fashion-features
fashion-features

Web Squeezes Out Apparel Firms

The success of Web startups in San Francisco is coming at a steep price to the local garment industry.

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SAN FRANCISCO — Nancy McAndrew, owner of the knitwear firm Nan Alexander here, has a tough road ahead. Faced with a 400 percent increase in rent in an industry where she can't even pass on an increase in the price of cashmere to her customers, she has scaled back dramatically and is moving to a dreary part of town. The reason for the rent hike, which is typical of apparel manufacturing areas all over the city, is a simple exercise in industrial Darwinism: the invasion of the dot-coms.

 

This is ground zero for the Internet, and Web companies are thriving. But their success is coming at a steep price to the local garment industry.

 

In fact, the outbreak of dot-coms is likely to put an end to the current landscape of apparel manufacturing in Northern California, according to industry analysts. Neighborhoods here have already changed dramatically in the past two years with the birth and explosive growth of Web companies.

 

Lining some of the city's most industrialized areas are newly polished neighborhoods of brightly painted condominiums. Young executives bike to work and eat at trendy bistros surrounded by gutted out buildings that have yet to be converted.

 

Dot-coms, flush with venture capital money, have infiltrated industrial areas where the apparel industry is concentrated and forced rental rates to triple, quadruple and, in some cases, quintuple.

 

Rental rates in San Francisco's South of Market area, known as SoMa, have gone from $18 per square foot to between $45 and $60 per square foot per year, according to real estate company figures.

 

The Bay Area, which includes San Francisco and Oakland, is home to about 160 apparel manufacturers, including Esprit de Corp., Jessica McClintock, Byer California, Levi Strauss & Co. and Gap Inc. There are also an estimated 400 contractors in the area.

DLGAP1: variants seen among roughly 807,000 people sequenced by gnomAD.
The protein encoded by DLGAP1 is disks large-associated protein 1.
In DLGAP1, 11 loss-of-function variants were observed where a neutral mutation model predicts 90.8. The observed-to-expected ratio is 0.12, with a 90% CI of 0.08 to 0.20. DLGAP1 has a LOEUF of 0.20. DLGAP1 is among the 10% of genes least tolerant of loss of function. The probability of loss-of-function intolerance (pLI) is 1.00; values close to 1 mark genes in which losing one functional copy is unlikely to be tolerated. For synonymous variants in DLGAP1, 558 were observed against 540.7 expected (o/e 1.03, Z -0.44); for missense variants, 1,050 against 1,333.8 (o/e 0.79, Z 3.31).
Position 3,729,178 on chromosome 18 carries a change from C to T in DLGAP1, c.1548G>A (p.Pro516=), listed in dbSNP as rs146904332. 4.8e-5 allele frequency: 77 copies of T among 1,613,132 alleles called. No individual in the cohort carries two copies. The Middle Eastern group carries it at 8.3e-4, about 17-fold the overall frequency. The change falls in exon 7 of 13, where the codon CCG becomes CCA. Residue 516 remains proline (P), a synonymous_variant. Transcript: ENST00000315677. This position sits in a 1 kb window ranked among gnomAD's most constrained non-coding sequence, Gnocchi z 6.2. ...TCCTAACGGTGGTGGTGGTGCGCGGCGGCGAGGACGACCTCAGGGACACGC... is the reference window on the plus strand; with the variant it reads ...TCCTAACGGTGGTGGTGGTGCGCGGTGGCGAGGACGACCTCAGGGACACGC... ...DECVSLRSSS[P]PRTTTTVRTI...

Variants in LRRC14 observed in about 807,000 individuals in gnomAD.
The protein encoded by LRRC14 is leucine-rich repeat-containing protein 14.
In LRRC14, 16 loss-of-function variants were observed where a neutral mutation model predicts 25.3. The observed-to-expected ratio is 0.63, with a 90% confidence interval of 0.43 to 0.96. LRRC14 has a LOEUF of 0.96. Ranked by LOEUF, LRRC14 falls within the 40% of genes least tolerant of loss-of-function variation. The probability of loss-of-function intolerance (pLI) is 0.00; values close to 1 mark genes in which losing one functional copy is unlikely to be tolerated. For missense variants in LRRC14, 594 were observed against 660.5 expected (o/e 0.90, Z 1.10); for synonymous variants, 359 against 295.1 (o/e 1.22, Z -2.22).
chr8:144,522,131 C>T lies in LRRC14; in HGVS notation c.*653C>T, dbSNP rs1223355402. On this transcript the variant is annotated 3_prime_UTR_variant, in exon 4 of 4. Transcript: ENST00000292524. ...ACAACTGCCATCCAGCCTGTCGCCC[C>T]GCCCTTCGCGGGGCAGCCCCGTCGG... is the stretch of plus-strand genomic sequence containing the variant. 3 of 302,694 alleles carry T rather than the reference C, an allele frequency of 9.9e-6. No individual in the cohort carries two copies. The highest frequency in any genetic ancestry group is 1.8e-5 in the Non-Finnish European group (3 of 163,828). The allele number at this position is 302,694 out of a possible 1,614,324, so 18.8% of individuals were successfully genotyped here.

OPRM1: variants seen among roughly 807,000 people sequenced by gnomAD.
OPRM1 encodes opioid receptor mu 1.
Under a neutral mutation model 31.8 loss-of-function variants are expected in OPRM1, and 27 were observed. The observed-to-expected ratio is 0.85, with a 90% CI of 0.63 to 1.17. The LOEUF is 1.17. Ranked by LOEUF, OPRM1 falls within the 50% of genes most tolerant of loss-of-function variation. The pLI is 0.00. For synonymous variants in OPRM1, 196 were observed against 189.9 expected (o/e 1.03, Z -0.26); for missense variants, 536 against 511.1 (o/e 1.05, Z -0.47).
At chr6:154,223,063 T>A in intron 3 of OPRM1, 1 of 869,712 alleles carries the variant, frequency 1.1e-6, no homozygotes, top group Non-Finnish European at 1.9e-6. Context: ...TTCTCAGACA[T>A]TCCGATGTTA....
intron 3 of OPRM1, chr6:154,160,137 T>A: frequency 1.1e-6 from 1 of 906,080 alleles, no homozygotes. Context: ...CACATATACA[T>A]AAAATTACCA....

Larger makers like Jessica McClintock, which owns its own building and property, probably won't be affected, but smaller to midsized manufacturers and contractors who lease space will be hit hard.

 

Approximately 70 percent of all apparel manufacturing is done in the SoMa corridor, a four-square-mile area bordered by Market Street and Townsend from First to 12th Streets, according to Randall Harris, executive director of the San Francisco Fashion Industries, which has 250 members, including manufacturers, contractors and associates.

 

"We are smack dab in the middle of dot-com world, and it is only a matter of time," warned Harris. "In two to three years, when the [current] leases are up, 75 to 80 percent of all of these companies will be up against the wall."

 

He estimated that up to 24 contractors and manufacturers have already closed their doors.
"The scary part of the problem isn't how many have already been hurt," said Harris. "There may be several dozen who don't even know yet because they are a year away from their leases being up."

 

Bill Benton, a broker with CB Richard Ellis who represents tech and dot-com companies, predicted that apparel companies will move further south out of the city, though they are somewhat restricted because other cities are also catching on to the dot-com mania.

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